Linked by Thom Holwerda on Wed 8th Aug 2012 18:45 UTC
Games Valve has just announced it will start selling applications through Steam. "The Software titles coming to Steam range from creativity to productivity. Many of the launch titles will take advantage of popular Steamworks features, such as easy installation, automatic updating, and the ability to save your work to your personal Steam Cloud space so your files may travel with you. More Software titles will be added in an ongoing fashion following the September 5th launch, and developers will be welcome to submit Software titles via Steam Greenlight." I feel like a broken record at this point, but guys and girls, Valve is going to release specifications for a 'Steambox'. A set of minimum specifications a Linux or Windows machine has to adhere to, either self-built or by an OEM. Steam pre-installed, can be used as regular PC and as a console. With Windows 8 locking itself down, this is their only option - and I applaud it.
Thread beginning with comment 530419
To view parent comment, click here.
To read all comments associated with this story, please click here.
RE[4]: Package management
by Gone fishing on Thu 9th Aug 2012 08:10 UTC in reply to "RE[3]: Package management"
Gone fishing
Member since:
2006-02-22

What universe does this happen in?


Admittedly I don't boot into Windows (Vista on my laptop, 7 on Desktop) that often - however, for me it is a common experience when I shut down Windows will inform me that it is installing x number of updates I should not shut down and this usually takes 5 - 10 minutes. When I restart it then informs me its installing x number of updates and I have to wait 5 -10 minutes sometimes longer, infrequently less. Even if it was only 3 minutes is this acceptable? In Linux this never happens.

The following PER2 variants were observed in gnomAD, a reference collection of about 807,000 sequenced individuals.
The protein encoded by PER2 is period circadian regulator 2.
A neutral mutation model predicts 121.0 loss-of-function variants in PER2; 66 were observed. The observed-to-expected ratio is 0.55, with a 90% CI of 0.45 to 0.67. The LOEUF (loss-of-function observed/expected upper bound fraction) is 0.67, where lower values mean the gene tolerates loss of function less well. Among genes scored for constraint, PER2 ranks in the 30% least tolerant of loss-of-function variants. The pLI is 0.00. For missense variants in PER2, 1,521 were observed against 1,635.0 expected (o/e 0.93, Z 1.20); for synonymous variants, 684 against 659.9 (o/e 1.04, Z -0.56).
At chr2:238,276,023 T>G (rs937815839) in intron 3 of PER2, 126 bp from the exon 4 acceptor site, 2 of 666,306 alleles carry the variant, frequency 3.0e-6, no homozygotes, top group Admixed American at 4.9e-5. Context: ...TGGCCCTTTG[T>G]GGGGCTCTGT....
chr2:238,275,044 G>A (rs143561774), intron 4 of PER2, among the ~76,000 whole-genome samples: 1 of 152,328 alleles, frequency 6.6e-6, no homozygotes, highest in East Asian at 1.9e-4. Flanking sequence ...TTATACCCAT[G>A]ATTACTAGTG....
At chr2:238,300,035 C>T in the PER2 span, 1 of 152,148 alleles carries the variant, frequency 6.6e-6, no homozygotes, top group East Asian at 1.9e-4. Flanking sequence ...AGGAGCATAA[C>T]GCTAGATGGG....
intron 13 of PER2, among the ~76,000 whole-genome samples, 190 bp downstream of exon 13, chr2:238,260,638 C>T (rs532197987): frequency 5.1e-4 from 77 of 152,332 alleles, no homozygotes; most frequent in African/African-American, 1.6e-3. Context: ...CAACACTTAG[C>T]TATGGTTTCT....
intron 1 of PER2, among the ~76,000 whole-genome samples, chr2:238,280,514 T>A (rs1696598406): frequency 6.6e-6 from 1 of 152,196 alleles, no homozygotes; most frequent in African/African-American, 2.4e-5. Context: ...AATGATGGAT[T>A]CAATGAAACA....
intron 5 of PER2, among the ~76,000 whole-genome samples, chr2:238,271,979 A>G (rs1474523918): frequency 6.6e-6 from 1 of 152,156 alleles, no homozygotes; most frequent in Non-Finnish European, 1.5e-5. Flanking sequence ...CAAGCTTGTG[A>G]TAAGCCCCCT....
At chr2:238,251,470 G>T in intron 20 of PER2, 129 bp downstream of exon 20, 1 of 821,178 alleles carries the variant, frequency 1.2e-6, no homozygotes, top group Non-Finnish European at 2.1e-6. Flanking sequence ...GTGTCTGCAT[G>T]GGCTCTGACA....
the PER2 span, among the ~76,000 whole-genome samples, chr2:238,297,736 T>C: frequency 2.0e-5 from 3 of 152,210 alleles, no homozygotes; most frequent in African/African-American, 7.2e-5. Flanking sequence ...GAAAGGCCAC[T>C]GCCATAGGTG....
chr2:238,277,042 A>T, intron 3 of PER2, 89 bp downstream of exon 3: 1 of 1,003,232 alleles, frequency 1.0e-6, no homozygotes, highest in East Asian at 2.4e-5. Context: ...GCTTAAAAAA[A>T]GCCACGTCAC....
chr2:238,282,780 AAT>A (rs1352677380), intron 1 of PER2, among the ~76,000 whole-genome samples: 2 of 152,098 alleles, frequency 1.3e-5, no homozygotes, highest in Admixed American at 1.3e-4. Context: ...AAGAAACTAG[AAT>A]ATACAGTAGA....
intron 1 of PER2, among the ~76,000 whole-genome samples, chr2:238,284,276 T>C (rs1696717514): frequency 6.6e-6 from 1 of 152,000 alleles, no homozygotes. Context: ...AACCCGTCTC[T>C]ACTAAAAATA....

Also the auto-update is an absolute lie, most application prompt you on launch these days there is a newer version.


Java updater immediately comes to mind - but even with your best case scenario when I start an app I want it to start not inform me it wants to update.

You do realise calling someone a liar is offensive? last time you responded to a post of mine you told me to f**K off. You seem to have great difficulty responding appropriately.

Edited 2012-08-09 08:12 UTC

Reply Parent Score: 2

RE[5]: Package management
by lucas_maximus on Thu 9th Aug 2012 10:49 in reply to "RE[4]: Package management"
lucas_maximus Member since:
2009-08-18

So you don't reboot into it regularly and you are surprised that there are more updates and they take longer to install?

I am sure if I didn't boot my fedora core installation in 3 months it would take a while to download and install all the updates.

Edited 2012-08-09 11:06 UTC

Reply Parent Score: 3

RE[6]: Package management
by dylansmrjones on Thu 9th Aug 2012 11:50 in reply to "RE[5]: Package management"
dylansmrjones Member since:
2005-10-02

The poster did not appear to be surprised, but rather the poster was annoyed. Which isn't surprising. But a 20 minute bootup time still seems awfully long in my eyes, but perhaps it is different for users of windows server 2008. We may not get that many updates anymore or what? Or what is just a bit of hyperbolean logic?